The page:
“If ovulation has already occurred then the morning after pill won’t be effective,” says Deborah, “but as I’ve said, it’s really difficult to know whether it has happened or not.”
“The most effective method of emergency contraception is the copper intrauterine device (Cu-IUD) or ‘copper coil’ which can be inserted up to 5 days afterwards3,” she continues. “If a woman chooses the coil, then she may also be advised to take the morning after pill as soon as possible, in case something goes wrong with her appointment or she changes her mind.3” The copper coil is the only emergency contraceptive that can still be effective if you have ovulated.
“If your period is more than 7 days late or is unusually light after taking the morning after pill, then a pregnancy test should be done. If it is positive, then you should speak to a doctor or other pregnancy advisory service at the earliest opportunity,” Deborah adds.
The morning after pill will not work during or after ovulation, because it only works by delaying ovulation. It can be really hard to pinpoint the exact point of ovulation as it can vary from person to person and from cycle to cycle. ellaOne® is the most effective morning after pill* and is 2.5x more effective than levonorgestrel when taken ASAP (within 24 hours).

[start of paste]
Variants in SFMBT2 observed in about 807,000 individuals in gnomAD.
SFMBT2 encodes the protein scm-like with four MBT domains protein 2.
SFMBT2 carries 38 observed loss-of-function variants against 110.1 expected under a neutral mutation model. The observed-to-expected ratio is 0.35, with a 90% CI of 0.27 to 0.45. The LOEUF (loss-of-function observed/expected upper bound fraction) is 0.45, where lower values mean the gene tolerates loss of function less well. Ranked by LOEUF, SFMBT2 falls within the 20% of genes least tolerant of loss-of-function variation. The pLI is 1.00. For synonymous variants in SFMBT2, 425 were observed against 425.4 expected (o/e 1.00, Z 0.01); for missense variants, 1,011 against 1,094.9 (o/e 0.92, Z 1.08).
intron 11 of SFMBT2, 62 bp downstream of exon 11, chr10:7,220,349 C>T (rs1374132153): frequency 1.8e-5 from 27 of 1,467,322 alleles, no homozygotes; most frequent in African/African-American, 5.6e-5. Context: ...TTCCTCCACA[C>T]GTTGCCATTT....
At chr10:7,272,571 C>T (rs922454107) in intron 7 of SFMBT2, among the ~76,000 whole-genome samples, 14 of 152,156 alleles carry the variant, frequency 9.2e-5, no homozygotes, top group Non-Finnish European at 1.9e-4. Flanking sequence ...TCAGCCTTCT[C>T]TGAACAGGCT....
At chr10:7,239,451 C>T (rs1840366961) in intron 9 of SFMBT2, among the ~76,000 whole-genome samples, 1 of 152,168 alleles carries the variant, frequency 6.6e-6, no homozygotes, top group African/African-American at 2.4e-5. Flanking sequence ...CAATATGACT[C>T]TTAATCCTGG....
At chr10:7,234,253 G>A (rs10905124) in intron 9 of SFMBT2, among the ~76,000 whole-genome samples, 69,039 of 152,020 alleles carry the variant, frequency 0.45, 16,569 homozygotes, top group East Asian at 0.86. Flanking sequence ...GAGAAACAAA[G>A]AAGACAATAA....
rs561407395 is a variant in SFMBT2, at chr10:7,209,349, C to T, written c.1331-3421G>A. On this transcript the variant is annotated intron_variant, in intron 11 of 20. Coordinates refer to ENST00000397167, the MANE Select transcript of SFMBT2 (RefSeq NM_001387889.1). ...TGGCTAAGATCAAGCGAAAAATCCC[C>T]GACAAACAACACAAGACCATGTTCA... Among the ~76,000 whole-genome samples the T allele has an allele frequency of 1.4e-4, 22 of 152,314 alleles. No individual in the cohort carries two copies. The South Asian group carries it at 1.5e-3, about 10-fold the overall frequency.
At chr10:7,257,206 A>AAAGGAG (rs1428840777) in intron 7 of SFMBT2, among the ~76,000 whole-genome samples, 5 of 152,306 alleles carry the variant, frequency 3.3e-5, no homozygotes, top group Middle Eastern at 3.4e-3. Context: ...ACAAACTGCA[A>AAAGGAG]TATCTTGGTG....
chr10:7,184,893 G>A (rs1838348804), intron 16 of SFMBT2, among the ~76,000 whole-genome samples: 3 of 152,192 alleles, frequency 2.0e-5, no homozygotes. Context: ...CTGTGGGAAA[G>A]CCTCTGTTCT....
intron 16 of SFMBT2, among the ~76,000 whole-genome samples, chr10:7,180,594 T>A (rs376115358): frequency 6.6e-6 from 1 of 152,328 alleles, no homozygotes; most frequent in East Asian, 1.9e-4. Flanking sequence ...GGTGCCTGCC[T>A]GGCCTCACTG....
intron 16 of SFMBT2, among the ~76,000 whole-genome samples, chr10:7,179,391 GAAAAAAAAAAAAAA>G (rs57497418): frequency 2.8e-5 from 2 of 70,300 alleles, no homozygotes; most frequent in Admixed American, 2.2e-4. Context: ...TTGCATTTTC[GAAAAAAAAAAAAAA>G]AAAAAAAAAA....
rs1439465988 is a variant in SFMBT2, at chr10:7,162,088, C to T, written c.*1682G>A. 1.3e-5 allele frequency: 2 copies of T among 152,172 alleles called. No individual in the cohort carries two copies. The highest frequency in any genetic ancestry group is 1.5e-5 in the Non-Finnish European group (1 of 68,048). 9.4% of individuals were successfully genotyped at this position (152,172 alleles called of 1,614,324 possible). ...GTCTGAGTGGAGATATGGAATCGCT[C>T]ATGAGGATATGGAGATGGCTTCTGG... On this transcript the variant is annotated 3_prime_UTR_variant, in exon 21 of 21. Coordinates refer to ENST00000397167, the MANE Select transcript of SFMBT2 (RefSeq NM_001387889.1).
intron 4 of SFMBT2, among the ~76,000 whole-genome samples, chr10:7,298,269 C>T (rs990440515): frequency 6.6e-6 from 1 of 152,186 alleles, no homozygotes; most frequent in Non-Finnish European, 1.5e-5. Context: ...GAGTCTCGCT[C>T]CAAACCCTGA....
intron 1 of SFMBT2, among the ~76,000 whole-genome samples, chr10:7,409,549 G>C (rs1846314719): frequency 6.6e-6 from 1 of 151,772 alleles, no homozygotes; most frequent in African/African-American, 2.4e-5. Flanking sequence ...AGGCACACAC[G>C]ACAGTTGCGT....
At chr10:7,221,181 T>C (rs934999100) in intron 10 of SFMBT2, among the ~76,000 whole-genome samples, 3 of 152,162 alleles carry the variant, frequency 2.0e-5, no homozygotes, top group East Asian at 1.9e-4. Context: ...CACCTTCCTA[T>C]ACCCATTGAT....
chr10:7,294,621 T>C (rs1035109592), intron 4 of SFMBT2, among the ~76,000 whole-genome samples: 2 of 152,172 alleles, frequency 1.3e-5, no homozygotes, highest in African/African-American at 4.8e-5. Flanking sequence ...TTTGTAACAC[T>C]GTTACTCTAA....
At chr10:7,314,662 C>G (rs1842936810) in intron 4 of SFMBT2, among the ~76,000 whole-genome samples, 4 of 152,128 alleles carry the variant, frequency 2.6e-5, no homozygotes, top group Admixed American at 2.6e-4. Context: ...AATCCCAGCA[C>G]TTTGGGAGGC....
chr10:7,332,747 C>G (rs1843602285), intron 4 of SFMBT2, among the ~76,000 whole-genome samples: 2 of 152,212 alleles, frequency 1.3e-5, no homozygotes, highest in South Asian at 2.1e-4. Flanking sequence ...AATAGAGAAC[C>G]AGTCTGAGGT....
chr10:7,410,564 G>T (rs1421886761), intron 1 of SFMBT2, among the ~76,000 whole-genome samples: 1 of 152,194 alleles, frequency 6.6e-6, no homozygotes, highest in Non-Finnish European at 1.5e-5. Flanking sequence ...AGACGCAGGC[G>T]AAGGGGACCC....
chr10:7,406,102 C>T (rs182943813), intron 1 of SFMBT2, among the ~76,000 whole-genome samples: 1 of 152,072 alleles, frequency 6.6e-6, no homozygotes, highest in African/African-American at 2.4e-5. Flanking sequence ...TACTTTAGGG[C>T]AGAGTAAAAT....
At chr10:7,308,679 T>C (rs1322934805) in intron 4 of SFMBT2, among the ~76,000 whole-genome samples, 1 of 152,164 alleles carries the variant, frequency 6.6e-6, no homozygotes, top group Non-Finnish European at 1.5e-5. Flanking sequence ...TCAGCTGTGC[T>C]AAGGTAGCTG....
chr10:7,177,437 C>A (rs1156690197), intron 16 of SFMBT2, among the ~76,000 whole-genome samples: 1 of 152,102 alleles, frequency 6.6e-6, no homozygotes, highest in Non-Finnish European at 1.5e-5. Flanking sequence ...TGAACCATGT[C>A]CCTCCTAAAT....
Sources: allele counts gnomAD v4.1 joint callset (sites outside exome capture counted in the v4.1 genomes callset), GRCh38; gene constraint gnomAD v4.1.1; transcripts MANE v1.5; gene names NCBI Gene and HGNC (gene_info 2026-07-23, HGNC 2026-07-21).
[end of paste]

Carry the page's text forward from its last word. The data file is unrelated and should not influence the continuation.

*Verify at: ellaOne.co.uk/verify
**the healthcare professionals in this article do not endorse any products or brands.
ellaOne® 30mg film-coated tablet contains ulipristal acetate and is indicated for emergency contraception within 120 hours (5 days) of unprotected sex or contraceptive failure. Always read the label.
If you’ve taken the morning after pill, and you feel comfortable sharing your story, help us end the stigma which surrounds this topic.